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Re: [PATCH 0/6] qemu-storage-daemon: QAPIfy --chardev

From: Markus Armbruster
Subject: Re: [PATCH 0/6] qemu-storage-daemon: QAPIfy --chardev
Date: Sun, 25 Oct 2020 18:42:42 +0100
User-agent: Gnus/5.13 (Gnus v5.13) Emacs/27.1 (gnu/linux)

Paolo Bonzini <pbonzini@redhat.com> writes:

> On 23/10/20 15:40, Markus Armbruster wrote:
>>> The benefit of the user creatable object approach is that we dont
>>> have to add custom CLI args for different types of object, nor write
>>> code to populate QOM from QAPI. The downside is that we're divorced
>>> from the QAPI schema, so loose introspection, and have a different
>>> type of tedious boilerplate code to write.
>> Loss of QAPI introspection is the killer.
>> We have QOM introspection, but it's far too weak to serve as
>> replacement.  Besides, two introspection facilities is one too many.
> Wouldn't Eduardo+Kevin's work on object-add provide that too?

Yes, the issue "replacing chardev-add by object-add loses QAPI
introspection" evaporates when object-add becomes QAPI-introspectable.

>> Nevertheless, we need Kevin's work now to get a decent storage daemon
>> CLI while that's still easy to do.  We'll have to promise stability
>> soon, and then changes get much harder.
> I think we haven't answered the question of whether qsd needs a CLI at all.
> I looked recently at qemu_init and it struck me that, in principle, the
> only _really_ necessary command line options for QEMU are -sandbox,
> -name and possibly -trace (only to be able to trace the monitor).  For
> everything else, one could use LISTEN_FDS socket activation mechanism,
> or if there's no LISTEN_FDS environment variable open a QMP socket on
> stdin/stdout.

Nobody argues this can't be done.  Some of us argue it should not be
done :)

> For qemu-standard-daemon, that would be _really_ true and not just in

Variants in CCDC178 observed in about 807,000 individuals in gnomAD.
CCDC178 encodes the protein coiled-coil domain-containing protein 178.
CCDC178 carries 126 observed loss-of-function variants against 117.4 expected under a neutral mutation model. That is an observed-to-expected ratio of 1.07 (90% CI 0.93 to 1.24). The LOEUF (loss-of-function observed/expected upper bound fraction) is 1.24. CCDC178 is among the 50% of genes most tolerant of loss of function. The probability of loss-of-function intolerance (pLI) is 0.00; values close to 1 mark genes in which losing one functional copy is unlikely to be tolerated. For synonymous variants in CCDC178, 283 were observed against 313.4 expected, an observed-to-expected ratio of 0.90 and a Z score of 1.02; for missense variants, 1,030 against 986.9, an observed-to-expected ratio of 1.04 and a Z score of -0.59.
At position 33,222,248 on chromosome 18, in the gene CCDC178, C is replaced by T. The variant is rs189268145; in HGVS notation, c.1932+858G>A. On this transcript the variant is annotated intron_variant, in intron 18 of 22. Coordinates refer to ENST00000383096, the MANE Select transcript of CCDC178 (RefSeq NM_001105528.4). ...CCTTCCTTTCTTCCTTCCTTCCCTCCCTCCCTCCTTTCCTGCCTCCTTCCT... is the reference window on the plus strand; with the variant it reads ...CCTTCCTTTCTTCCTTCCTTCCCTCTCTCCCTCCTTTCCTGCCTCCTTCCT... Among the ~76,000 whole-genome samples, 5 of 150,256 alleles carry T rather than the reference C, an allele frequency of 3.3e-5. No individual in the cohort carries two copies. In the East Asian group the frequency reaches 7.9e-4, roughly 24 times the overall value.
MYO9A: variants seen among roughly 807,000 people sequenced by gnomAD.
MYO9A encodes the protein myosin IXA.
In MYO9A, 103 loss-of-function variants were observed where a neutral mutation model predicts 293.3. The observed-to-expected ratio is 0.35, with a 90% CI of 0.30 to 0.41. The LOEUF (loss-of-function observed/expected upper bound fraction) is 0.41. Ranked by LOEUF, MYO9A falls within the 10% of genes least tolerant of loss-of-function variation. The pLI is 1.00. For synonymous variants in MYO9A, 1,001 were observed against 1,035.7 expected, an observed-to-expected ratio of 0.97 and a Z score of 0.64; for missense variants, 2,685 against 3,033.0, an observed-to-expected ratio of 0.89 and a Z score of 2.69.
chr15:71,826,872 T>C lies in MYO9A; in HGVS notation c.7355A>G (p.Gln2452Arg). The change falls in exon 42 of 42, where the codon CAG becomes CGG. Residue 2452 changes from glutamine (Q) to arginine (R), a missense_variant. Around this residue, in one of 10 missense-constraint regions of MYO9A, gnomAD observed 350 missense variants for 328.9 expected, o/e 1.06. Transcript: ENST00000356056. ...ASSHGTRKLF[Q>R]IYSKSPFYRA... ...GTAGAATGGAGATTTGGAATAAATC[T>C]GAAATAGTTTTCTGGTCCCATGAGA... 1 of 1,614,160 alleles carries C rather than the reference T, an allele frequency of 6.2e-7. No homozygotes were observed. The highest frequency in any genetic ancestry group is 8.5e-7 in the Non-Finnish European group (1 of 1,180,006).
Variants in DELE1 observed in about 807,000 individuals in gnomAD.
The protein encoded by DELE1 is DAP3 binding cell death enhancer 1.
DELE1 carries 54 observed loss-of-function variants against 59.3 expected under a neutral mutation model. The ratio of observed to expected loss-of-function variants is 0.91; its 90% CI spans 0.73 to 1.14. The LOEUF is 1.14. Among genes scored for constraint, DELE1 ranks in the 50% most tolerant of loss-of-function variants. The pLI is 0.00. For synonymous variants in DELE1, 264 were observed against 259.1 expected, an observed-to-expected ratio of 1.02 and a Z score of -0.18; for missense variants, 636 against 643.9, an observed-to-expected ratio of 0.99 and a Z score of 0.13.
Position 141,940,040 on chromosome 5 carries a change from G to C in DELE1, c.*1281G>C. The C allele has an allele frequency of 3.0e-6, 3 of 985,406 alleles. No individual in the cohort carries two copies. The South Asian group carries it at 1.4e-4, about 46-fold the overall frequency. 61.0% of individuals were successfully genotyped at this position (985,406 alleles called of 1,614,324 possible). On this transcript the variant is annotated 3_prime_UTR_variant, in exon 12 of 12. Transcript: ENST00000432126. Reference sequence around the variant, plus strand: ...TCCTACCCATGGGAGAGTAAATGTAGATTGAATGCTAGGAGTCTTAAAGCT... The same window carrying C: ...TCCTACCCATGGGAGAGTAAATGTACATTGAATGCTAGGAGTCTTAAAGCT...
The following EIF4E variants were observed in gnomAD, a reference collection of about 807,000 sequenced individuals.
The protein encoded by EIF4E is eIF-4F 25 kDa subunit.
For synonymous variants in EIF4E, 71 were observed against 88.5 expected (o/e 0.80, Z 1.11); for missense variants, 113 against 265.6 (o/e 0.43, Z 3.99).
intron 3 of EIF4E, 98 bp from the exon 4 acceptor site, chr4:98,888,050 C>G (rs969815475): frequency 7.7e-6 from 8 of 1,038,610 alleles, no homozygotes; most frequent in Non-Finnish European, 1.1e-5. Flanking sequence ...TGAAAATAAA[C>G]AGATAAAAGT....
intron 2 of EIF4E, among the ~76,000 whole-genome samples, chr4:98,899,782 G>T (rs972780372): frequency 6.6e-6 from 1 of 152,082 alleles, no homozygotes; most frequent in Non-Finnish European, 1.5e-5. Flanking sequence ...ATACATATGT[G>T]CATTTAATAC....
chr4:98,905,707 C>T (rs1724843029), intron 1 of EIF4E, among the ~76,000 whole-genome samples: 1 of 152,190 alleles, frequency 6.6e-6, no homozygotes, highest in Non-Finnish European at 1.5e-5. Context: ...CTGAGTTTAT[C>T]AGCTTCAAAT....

> principle I understand that having a command-line can be useful to
> developers as it's less unwieldy than JSON, but why does it have to be
> stable?

Let me split this into multiple questions:

1. Does qsd need a CLI beyond whatever is needed to provide QMP?

2. If yes, does it need to be stable?

3. Does it need to be machine-friendly?

4. Does it need to be human-friendly?

5. What does it mean to be human-friendly?

I'd expect Kevin to answer question 1. and 4. with an emphatic yes.  I
concur, because without a usable CLI, ad hoc usability is awful.  My
idea of "usable" is probably less demanding than Kevin's, but that's
question 5 already.

The step from a QMP command that returns nothing to machine-friendly CLI
option is almost trivial: -blockdev with a JSON argument proves it.
This makes me answer 3. with "why not?", and 2. with "this
machine-friendly interface is stable by construction".

We already paid for the step from machine-friendly CLI to a slightly
more human-friendly CLI: -blockdev with a dotted keys argument proves
it.  This makes me answer 4. with "why not / why override the qsd

Question 5. is open-ended.  I think a truly human-friendly CLI will take
extra work, similar to how HMP does.  I believe it can be done with less
overhead than HMP has today.  I don't plan to sink a lot of time into it
myself, at least not in the immediate future.

>          Could we default to only 2-3 command-line options in the same
> fashion, and only accept --blockdev and friends if the user starts the
> command line with "qemu-storage-daemon --i-am-not-a-script"?

Making people type --i-am-not-a-script is begging for getting pelted
with vegetables at the next non-virtual KVM Forum.

I think what you're trying to accomplish is to tell a program off when
it uses a part of the CLI programs should not use.  My "Configurable
policy for handling deprecated interfaces" series can grow to do exactly
that, but it's opt-in (because I don't fancy getting pelted with

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